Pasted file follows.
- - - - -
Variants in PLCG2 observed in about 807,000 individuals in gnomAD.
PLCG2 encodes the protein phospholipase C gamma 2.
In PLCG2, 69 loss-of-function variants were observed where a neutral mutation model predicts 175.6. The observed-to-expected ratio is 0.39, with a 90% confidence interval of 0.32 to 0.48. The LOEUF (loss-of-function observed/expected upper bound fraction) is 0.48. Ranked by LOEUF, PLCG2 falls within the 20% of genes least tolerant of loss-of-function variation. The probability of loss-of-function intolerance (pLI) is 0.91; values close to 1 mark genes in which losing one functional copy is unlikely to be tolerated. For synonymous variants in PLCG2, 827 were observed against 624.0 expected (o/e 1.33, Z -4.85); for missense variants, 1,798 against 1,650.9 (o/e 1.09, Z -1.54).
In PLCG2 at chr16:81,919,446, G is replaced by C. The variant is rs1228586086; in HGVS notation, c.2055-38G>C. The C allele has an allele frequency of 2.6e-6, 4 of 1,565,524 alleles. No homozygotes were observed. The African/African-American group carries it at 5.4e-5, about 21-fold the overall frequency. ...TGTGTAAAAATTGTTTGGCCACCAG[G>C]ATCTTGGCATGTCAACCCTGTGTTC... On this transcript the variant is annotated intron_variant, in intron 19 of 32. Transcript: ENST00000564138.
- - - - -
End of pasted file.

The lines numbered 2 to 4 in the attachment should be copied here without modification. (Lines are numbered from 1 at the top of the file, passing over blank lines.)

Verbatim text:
PLCG2 encodes the protein phospholipase C gamma 2.
In PLCG2, 69 loss-of-function variants were observed where a neutral mutation model predicts 175.6. The observed-to-expected ratio is 0.39, with a 90% confidence interval of 0.32 to 0.48. The LOEUF (loss-of-function observed/expected upper bound fraction) is 0.48. Ranked by LOEUF, PLCG2 falls within the 20% of genes least tolerant of loss-of-function variation. The probability of loss-of-function intolerance (pLI) is 0.91; values close to 1 mark genes in which losing one functional copy is unlikely to be tolerated. For synonymous variants in PLCG2, 827 were observed against 624.0 expected (o/e 1.33, Z -4.85); for missense variants, 1,798 against 1,650.9 (o/e 1.09, Z -1.54).
In PLCG2 at chr16:81,919,446, G is replaced by C. The variant is rs1228586086; in HGVS notation, c.2055-38G>C. The C allele has an allele frequency of 2.6e-6, 4 of 1,565,524 alleles. No homozygotes were observed. The African/African-American group carries it at 5.4e-5, about 21-fold the overall frequency. ...TGTGTAAAAATTGTTTGGCCACCAG[G>C]ATCTTGGCATGTCAACCCTGTGTTC... On this transcript the variant is annotated intron_variant, in intron 19 of 32. Transcript: ENST00000564138.